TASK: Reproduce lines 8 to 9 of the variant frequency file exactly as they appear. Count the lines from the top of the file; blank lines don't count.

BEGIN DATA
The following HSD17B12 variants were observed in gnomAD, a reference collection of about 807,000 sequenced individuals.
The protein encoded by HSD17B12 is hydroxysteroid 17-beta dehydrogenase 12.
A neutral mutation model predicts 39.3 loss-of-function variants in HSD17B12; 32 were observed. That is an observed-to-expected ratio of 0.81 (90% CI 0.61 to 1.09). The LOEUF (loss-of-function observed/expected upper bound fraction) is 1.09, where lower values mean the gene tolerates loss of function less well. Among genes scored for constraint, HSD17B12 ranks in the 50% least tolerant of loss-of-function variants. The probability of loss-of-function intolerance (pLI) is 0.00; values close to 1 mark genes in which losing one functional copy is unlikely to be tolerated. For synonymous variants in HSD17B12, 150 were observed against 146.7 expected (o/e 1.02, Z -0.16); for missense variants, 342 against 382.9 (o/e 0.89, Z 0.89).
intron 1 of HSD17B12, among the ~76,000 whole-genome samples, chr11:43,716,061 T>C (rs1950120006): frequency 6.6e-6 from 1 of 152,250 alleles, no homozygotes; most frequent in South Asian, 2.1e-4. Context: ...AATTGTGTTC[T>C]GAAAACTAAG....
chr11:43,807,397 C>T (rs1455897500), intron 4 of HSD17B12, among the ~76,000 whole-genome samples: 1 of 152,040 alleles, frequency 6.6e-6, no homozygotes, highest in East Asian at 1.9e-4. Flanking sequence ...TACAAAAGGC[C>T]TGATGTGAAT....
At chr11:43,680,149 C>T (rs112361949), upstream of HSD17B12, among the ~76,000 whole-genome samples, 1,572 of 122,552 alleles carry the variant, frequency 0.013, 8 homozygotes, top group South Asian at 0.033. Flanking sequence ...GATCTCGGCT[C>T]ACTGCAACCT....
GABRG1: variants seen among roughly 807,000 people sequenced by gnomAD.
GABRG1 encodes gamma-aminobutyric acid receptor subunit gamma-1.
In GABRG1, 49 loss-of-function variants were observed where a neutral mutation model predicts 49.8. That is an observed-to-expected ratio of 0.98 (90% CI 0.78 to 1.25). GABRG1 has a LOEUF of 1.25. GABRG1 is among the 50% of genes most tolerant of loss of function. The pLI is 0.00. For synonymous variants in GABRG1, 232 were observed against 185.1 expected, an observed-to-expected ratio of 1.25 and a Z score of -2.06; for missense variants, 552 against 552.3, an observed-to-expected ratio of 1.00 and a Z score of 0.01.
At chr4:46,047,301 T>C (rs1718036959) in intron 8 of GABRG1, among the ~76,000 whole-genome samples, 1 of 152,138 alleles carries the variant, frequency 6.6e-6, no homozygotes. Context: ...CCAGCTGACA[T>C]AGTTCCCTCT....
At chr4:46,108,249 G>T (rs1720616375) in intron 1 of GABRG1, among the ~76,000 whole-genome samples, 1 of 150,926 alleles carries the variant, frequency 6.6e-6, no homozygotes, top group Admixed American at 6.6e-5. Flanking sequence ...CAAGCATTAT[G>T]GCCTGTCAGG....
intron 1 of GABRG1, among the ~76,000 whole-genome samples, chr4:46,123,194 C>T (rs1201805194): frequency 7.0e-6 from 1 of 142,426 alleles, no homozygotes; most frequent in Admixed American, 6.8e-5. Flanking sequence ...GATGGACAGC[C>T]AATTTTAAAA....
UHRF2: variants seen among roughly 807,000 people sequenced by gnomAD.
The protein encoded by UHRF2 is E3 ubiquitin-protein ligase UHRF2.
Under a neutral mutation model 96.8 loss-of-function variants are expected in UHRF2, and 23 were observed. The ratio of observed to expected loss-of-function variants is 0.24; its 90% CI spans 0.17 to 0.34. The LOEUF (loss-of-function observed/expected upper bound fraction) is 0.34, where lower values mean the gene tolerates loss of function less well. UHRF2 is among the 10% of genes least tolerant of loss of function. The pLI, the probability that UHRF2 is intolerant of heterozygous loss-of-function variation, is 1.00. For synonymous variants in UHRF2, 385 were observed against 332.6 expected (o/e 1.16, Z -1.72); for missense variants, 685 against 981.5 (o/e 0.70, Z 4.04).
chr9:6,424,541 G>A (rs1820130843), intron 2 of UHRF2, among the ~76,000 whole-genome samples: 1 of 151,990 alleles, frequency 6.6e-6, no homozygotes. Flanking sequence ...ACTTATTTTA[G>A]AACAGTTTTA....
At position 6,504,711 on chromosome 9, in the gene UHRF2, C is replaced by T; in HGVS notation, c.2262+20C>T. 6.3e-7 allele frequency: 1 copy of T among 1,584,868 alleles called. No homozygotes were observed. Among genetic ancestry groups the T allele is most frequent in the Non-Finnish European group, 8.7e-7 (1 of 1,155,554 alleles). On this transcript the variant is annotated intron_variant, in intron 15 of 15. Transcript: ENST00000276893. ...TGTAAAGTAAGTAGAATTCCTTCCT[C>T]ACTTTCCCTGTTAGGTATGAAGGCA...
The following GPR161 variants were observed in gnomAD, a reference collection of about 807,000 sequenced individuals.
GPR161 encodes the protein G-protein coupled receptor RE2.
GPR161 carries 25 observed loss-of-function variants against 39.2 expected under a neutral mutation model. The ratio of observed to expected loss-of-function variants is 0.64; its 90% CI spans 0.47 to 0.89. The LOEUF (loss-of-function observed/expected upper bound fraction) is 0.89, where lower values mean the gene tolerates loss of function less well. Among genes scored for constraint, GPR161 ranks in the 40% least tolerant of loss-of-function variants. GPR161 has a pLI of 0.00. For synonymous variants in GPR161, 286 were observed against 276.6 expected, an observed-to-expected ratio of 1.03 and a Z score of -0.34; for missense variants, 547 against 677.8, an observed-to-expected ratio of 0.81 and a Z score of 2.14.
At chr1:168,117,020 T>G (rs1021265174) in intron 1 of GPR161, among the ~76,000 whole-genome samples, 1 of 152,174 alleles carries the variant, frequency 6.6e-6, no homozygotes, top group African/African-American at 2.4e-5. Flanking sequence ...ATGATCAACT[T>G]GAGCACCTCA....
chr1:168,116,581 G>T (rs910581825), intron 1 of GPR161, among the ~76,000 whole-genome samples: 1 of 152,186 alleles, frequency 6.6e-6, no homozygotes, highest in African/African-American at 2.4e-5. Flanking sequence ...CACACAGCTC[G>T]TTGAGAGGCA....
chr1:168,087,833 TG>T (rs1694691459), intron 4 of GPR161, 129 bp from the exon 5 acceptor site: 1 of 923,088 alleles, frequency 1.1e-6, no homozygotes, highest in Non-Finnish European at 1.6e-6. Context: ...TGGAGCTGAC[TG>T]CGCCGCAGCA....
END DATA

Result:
GABRG1 encodes gamma-aminobutyric acid receptor subunit gamma-1.
In GABRG1, 49 loss-of-function variants were observed where a neutral mutation model predicts 49.8. That is an observed-to-expected ratio of 0.98 (90% CI 0.78 to 1.25). GABRG1 has a LOEUF of 1.25. GABRG1 is among the 50% of genes most tolerant of loss of function. The pLI is 0.00. For synonymous variants in GABRG1, 232 were observed against 185.1 expected, an observed-to-expected ratio of 1.25 and a Z score of -2.06; for missense variants, 552 against 552.3, an observed-to-expected ratio of 1.00 and a Z score of 0.01.